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Cedars-Sinai Blog

Staying on Top of Your Child's Vaccines During COVID-19

An illustration of a child and a doctor in masks giving an immunization shot.

Immunizations have a long history of preventing the spread of dangerous diseases—including measles, whooping cough and polio—and stopping their comeback.

But during the COVID-19 pandemic, childhood vaccination plummeted. Globally, routine childhood vaccination took its largest hit in 30 years in 2021, according to the World Health Organization, leaving 25 million infants without any vaccine protection. The Centers for Disease Control and Prevention (CDC) saw its public vaccine ordering fall by 14% in the 2020-21 school year, with measles vaccines dropping more than 20%.

Declines like these raise the risk of unvaccinated and undervaccinated kids contracting and spreading preventable diseases. Parents can't let vaccinations take a backseat, says Dr. Sharon Wirawan, a pediatrician at Cedars-Sinai. That's even more critical as children head back to school, where germs are easily shared.




"Unfortunately, we are seeing vaccine-preventable illnesses return, such as measles and even polio. Without vaccines, these illnesses can quickly spread in the community and cause outbreaks."


Public health outbreaks aren't the time to let up on your child's vaccines

We know the toll infectious diseases can take, Dr. Wirawan says. Measles, for example, is highly contagious and can cause serious complications, such as pneumonia, blindness and brain inflammation (encephalitis). Mumps can cause deafness and even meningitis. And polio paralyzed more than 15,000 people annually in the U.S. until vaccination effectively eliminated the virus nationwide.

Vaccines are very effective in combating these diseases. Two doses of the measles, mumps and rubella (MMR) vaccine are about 97% effective in preventing measles, according to the CDC.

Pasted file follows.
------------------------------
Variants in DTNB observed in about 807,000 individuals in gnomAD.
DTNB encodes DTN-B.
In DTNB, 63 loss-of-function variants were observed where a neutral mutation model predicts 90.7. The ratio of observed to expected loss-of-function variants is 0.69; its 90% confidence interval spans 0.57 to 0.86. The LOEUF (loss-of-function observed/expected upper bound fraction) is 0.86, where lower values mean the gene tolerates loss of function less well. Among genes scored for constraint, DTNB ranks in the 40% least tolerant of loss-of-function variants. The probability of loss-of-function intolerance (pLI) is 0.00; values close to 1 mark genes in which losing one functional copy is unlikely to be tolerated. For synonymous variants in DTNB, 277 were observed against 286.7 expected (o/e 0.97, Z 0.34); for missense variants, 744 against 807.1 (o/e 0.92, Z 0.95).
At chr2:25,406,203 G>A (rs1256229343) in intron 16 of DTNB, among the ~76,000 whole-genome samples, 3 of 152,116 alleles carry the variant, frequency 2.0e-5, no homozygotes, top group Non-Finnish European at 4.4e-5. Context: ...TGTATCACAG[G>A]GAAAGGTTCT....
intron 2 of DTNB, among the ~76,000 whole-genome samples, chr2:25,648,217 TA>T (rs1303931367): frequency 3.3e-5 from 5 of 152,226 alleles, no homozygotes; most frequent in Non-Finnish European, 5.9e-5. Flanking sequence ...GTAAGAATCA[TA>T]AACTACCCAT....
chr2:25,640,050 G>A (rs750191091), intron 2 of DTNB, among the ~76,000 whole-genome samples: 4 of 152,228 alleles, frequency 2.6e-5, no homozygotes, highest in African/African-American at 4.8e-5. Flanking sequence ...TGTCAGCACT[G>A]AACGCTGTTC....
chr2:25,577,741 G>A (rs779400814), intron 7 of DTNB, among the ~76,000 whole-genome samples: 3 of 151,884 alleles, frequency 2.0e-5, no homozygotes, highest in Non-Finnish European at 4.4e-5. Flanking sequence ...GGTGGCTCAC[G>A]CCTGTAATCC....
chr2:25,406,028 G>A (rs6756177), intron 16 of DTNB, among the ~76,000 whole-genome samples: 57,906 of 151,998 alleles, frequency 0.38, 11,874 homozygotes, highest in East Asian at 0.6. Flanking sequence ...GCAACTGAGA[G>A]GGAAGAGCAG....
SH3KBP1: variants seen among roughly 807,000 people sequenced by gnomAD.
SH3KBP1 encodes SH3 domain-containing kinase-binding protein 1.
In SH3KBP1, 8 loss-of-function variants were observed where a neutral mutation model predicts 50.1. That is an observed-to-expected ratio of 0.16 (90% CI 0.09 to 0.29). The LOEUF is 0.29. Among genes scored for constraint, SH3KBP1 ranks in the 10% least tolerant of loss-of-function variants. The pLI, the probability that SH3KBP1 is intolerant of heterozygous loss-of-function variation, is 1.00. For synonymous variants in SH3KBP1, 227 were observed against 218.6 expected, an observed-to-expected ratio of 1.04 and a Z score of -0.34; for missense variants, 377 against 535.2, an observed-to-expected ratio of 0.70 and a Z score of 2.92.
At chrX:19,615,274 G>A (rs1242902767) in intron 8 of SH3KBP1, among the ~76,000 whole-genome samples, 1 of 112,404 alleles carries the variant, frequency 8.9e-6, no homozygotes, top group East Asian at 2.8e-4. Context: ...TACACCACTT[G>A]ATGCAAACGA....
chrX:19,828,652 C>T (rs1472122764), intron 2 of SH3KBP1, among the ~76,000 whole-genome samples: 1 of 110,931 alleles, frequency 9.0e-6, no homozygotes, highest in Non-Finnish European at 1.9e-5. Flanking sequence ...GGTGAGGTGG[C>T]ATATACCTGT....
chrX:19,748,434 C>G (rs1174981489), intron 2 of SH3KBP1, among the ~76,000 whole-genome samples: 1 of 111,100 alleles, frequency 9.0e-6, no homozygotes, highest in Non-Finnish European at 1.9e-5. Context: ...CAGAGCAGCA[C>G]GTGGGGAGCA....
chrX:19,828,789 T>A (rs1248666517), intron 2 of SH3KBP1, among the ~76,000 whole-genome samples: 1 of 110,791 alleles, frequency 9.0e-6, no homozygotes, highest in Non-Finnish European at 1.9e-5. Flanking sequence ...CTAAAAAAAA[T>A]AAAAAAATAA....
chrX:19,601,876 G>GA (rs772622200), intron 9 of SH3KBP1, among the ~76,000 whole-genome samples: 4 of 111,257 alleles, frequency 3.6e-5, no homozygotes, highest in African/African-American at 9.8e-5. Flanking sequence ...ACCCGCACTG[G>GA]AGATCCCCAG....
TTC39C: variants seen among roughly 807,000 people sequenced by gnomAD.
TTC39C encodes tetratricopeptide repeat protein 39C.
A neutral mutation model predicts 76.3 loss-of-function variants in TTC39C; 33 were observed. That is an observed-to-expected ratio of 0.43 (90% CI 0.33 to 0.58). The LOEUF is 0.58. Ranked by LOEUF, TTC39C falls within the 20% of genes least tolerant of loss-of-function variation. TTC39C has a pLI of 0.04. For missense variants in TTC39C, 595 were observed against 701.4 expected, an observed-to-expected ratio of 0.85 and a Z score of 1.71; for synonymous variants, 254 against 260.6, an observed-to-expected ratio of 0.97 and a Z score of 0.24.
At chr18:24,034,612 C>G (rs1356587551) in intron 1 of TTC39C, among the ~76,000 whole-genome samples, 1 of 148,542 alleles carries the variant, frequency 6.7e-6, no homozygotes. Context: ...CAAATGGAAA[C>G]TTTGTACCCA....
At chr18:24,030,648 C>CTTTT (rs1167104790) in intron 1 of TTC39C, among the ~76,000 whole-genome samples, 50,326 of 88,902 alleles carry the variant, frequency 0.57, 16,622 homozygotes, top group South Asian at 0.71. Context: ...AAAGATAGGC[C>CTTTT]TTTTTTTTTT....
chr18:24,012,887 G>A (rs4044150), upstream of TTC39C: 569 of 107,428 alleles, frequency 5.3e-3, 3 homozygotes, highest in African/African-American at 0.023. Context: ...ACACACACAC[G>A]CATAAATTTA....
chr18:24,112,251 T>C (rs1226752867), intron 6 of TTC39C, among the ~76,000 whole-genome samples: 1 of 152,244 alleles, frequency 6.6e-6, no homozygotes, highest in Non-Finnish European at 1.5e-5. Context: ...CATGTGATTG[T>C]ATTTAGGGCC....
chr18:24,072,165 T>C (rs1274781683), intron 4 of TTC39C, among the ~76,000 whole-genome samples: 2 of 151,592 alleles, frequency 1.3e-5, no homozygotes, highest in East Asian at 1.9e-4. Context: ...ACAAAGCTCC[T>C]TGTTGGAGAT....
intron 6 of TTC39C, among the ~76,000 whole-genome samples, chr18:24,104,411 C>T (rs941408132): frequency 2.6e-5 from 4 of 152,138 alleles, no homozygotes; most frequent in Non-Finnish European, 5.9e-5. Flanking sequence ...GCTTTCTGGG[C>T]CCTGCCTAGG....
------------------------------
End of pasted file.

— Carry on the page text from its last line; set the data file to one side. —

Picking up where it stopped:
"Vaccines are one of the biggest parts of pediatrics," Dr. Wirawan says. "They truly do save lives."

Drops in immunizations have been linked to measles and whooping cough outbreaks and could lead to others in the future.

Vaccines work by building herd immunity. A vaccine exposes a person's immune system to bacteria and viruses, teaching the system to fight them off if contracted later. The more people who are vaccinated, the less likely these viruses and bacteria will be prevalent in the community.

Protect your kids—and others—by keeping up with their shots, Dr. Wirawan advises.



You can vaccinate and still stay safe

Fear often keeps parents away from pediatricians' offices during health outbreaks like COVID-19. Dr. Wirawan says parents should continue to stay vigilant but don't need to be afraid.

"The last thing we want as pediatricians is to put our patients and their parents in an unsafe environment," she says.

Doctors' offices are well controlled and have robust safeguards in place to keep patients protected, Dr. Wirawan says. These strategies include frequent sanitizing, masking, physical distancing and temperature checks.

Pediatricians also separate sick children from patients who are coming in for preventive visits. Well-child visits, which include vaccine doses, can give you the chance to bring up any concerns or questions about the latest outbreaks, variants and vaccines, Dr. Wirawan says.



Stick to the public health vaccine schedule

Vaccines are available for 16 diseases for children, including hepatitis, polio; pneumococcal disease (PCV), rotavirus (RV), diphtheria, tetanus and whooping cough (DTaP), MMR, and varicella (chickenpox). Dr. Wirawan also recommends that you and your kids get annual flu shots, especially during an outbreak like COVID-19.

That will help keep your child out of a hospital or clinic and narrow down the possibilities if they do get sick.

Make sure you are following the CDC immunization schedule, and don't space out vaccines, Dr. Wirawan says. That way you can limit the number of visits in which your kids are poked and prodded while reducing their exposure to other infectious diseases.

"The way that vaccines are scheduled is the way that they've been studied," Dr. Wirawan says. "You know you're protecting your kids the best when you follow the vaccines as scheduled."



COVID-19 vaccines are part of a comprehensive immunization approach

After thorough pediatric safety reviews, the Food and Drug Administration has authorized emergency use of the Moderna and Pfizer-BioNTech COVID-19 vaccines for children and infants. Public health officials now recommend the shots for everyone 6 months and older.

The expansion affords protection against the evolving disease for vulnerable kids and their loved ones. COVID-19 can cause serious complications in children. With the Omicron variant surge increasing hospitalizations, COVID-19 has become the fifth-leading cause of death for young children 1 to 4 years old and the fourth-leading cause of death in infants under 1.